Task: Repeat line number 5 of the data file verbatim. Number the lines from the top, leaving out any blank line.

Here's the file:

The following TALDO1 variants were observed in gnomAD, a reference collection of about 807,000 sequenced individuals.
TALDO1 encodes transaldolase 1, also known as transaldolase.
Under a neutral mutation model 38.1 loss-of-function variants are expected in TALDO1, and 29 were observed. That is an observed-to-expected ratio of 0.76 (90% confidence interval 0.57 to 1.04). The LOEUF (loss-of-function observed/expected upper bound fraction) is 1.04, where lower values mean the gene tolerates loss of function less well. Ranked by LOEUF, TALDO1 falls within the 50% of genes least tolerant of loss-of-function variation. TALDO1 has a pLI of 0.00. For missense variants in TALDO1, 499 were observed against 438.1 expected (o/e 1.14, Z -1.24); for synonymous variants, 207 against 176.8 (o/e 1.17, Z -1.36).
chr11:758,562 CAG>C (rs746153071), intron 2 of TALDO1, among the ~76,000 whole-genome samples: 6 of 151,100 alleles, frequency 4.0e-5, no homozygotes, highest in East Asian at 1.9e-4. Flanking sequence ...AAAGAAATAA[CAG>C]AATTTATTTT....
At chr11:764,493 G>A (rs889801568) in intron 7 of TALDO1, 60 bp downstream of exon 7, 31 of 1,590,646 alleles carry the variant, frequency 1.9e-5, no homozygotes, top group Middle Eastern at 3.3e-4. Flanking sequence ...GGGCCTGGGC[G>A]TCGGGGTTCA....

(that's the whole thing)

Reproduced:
At chr11:764,493 G>A (rs889801568) in intron 7 of TALDO1, 60 bp downstream of exon 7, 31 of 1,590,646 alleles carry the variant, frequency 1.9e-5, no homozygotes, top group Middle Eastern at 3.3e-4. Flanking sequence ...GGGCCTGGGC[G>A]TCGGGGTTCA....